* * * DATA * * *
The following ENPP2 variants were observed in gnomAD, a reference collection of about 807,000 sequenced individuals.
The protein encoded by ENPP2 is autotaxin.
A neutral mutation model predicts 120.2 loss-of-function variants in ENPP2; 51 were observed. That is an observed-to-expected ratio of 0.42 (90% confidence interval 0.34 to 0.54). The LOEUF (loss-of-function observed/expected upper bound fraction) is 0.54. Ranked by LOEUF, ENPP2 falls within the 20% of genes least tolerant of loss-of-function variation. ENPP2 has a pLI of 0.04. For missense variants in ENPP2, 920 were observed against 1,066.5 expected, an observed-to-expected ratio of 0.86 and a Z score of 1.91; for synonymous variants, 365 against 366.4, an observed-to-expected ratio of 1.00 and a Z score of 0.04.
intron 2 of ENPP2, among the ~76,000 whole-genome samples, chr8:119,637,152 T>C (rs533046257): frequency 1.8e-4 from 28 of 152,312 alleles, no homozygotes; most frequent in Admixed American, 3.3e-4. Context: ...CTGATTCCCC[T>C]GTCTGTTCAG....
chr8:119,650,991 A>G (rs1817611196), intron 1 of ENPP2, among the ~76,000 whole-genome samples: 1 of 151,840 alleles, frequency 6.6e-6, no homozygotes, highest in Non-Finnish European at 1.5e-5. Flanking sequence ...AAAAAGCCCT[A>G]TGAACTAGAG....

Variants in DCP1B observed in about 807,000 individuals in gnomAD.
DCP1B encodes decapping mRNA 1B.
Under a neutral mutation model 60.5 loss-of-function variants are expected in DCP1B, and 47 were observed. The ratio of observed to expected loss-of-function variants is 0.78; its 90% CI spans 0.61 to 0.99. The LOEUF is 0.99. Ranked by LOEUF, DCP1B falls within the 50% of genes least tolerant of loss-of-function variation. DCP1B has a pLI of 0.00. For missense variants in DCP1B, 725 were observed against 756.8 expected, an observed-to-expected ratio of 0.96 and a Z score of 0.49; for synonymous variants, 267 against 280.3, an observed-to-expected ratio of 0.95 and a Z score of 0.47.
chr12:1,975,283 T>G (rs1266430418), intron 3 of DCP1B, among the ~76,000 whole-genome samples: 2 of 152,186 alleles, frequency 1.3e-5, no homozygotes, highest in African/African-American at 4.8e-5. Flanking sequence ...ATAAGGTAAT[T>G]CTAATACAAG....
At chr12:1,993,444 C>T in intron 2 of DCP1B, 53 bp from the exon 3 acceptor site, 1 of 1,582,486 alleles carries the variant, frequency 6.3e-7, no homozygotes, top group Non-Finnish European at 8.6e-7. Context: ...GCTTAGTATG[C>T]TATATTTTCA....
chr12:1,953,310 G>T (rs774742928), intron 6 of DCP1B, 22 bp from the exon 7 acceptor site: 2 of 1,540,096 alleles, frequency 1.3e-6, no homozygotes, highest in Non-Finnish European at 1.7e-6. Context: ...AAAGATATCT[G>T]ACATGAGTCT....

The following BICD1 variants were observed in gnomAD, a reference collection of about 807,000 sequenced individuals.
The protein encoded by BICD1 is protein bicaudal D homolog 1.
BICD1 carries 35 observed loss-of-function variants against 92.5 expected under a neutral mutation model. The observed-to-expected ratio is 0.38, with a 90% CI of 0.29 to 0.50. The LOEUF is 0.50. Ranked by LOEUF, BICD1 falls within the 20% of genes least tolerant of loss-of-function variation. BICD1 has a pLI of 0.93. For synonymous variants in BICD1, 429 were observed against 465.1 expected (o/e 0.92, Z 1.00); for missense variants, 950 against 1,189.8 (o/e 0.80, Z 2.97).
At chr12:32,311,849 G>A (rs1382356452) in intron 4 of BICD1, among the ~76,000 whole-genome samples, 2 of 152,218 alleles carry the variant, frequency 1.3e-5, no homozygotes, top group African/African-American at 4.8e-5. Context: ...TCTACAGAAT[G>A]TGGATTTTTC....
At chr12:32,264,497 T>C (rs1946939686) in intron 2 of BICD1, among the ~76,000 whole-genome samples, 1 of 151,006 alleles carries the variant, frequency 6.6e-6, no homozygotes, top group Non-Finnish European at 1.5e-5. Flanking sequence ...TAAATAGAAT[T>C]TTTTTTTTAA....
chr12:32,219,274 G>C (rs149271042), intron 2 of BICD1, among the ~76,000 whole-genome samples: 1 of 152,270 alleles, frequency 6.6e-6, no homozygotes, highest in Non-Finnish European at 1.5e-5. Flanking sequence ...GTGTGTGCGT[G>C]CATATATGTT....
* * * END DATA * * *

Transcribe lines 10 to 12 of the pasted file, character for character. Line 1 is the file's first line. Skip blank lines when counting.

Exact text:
At chr12:1,993,444 C>T in intron 2 of DCP1B, 53 bp from the exon 3 acceptor site, 1 of 1,582,486 alleles carries the variant, frequency 6.3e-7, no homozygotes, top group Non-Finnish European at 8.6e-7. Context: ...GCTTAGTATG[C>T]TATATTTTCA....
chr12:1,953,310 G>T (rs774742928), intron 6 of DCP1B, 22 bp from the exon 7 acceptor site: 2 of 1,540,096 alleles, frequency 1.3e-6, no homozygotes, highest in Non-Finnish European at 1.7e-6. Context: ...AAAGATATCT[G>T]ACATGAGTCT....

The following BICD1 variants were observed in gnomAD, a reference collection of about 807,000 sequenced individuals.